Parnassianism was a French literary style that began during the positivist period of the 19th century, occurring after romanticism and prior to symbolism. The style was influenced by the author Théophile Gautier as well as by the philosophical ideas of Arthur Schopenhauer.
Artur Nabantino Gonçalves de Azevedo was a Brazilian playwright, short story writer, chronicler, journalist and Parnassian poet. He is famous for consolidating in Brazil the "comedy of manners" genre, initiated by Martins Pena.
Santa Rita do Sapucaí is a municipality situated in the southernmost part of the State of Minas Gerais. The city is known as the "electronic valley", since it has plenty of electronic industries, and both a technical school and a University which hold courses in electronic knowledge. It also has another University - FAI, which has majors in Administration and Informatics.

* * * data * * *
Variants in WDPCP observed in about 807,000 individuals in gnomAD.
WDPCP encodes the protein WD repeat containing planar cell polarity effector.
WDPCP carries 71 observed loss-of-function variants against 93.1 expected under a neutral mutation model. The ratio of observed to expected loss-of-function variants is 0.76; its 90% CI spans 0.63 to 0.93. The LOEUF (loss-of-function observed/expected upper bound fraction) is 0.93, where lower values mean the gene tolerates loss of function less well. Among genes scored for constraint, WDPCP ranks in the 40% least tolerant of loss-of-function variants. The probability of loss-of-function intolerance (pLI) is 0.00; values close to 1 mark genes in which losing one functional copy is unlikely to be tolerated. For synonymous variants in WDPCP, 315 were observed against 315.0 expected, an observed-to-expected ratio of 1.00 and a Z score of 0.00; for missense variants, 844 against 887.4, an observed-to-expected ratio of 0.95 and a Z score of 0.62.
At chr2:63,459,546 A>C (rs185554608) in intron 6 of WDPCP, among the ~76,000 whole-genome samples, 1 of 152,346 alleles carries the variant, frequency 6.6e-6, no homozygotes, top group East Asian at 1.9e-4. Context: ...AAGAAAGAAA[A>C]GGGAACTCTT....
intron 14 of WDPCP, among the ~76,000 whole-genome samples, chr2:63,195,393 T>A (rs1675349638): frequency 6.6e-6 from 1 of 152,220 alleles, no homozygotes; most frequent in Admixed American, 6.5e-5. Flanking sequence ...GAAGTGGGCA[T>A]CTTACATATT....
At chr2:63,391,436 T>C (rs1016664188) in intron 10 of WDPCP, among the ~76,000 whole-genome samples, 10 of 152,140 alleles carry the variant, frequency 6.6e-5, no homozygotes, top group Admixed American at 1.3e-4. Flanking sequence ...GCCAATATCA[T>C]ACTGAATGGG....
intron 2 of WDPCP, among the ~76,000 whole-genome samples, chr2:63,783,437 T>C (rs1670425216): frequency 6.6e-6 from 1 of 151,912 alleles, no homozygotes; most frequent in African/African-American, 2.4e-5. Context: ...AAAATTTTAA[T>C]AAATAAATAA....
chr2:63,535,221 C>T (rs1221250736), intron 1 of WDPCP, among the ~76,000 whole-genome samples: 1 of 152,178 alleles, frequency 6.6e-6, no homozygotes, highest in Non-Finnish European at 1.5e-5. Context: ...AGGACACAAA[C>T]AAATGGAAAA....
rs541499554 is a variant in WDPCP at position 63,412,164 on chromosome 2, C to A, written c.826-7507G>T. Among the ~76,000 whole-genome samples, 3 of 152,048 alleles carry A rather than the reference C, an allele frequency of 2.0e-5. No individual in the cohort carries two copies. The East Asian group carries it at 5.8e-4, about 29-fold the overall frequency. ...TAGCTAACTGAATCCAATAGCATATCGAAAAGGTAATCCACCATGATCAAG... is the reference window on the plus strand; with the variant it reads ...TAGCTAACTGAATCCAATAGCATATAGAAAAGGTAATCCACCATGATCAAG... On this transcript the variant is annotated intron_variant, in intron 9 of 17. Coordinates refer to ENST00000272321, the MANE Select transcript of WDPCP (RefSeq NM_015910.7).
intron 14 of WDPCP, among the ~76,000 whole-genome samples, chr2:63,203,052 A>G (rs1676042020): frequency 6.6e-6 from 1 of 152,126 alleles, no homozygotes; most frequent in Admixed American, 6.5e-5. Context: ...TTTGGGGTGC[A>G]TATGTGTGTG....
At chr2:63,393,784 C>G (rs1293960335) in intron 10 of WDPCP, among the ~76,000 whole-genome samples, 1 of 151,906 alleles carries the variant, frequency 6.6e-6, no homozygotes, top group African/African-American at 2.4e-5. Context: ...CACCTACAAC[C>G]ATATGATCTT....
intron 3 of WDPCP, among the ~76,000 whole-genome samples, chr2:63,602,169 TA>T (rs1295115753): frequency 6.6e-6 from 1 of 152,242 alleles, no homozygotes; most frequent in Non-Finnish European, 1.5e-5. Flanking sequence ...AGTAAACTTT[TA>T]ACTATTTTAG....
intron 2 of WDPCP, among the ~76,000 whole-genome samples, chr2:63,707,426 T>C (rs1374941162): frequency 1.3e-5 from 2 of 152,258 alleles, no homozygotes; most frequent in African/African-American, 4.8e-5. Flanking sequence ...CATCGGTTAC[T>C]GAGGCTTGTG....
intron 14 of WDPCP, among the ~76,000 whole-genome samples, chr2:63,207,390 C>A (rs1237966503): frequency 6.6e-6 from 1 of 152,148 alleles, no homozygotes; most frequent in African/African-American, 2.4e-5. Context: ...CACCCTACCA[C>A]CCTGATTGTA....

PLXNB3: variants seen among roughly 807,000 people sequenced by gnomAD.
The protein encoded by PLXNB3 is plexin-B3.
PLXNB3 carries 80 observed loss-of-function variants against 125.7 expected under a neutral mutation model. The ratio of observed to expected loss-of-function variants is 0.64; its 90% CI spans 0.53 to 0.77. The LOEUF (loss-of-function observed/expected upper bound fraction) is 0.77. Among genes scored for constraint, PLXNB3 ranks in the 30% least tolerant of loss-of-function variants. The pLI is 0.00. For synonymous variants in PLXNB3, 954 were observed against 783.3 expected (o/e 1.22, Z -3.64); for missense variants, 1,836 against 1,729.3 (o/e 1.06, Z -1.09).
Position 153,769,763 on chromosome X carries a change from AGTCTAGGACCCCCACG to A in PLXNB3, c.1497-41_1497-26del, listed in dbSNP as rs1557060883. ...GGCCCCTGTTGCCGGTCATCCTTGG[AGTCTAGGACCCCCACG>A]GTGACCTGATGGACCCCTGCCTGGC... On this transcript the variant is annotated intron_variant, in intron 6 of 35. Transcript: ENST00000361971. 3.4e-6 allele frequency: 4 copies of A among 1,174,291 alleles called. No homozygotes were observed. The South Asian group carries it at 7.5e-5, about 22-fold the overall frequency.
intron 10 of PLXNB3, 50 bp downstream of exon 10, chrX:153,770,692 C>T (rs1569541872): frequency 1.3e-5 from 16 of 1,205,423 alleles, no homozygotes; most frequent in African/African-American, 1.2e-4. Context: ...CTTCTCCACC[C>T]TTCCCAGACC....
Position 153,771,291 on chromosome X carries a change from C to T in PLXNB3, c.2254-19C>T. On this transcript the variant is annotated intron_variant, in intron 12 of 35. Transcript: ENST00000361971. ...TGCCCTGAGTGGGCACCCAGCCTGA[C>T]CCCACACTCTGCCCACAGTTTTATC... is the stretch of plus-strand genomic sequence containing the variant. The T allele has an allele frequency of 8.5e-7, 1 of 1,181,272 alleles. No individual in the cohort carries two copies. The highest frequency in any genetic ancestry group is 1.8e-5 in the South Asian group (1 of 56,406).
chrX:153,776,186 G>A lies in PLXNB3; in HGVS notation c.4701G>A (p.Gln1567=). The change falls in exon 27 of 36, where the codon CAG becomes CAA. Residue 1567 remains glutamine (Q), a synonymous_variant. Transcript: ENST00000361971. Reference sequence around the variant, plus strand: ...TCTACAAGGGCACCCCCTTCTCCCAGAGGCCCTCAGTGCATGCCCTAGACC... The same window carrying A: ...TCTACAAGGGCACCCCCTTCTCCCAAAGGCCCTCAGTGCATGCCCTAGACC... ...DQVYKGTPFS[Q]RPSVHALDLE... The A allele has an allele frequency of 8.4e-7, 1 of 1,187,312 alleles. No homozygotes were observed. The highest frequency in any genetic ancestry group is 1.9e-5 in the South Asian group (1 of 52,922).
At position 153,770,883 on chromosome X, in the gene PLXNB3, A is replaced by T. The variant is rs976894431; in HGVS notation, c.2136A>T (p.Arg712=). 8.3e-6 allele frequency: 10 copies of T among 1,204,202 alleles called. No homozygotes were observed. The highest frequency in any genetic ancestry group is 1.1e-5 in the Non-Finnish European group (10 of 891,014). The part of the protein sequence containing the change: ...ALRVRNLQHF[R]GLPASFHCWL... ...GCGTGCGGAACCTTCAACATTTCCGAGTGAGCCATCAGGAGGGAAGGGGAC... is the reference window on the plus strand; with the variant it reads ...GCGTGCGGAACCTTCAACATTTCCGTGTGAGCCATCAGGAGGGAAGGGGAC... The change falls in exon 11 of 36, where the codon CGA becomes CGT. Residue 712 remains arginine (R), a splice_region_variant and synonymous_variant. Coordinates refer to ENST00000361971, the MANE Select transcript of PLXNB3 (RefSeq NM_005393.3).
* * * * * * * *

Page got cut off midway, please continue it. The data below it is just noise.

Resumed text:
João Carlos de Medeiros Pardal Mallet was a Brazilian journalist and novelist. He is the patron of the 30th chair of the Brazilian Academy of Letters.
Raimundo da Mota de Azevedo Correia was a Brazilian Parnassian poet, judge and magistrate. Alongside Alberto de Oliveira and Olavo Bilac, he was a member of the "Parnassian Triad".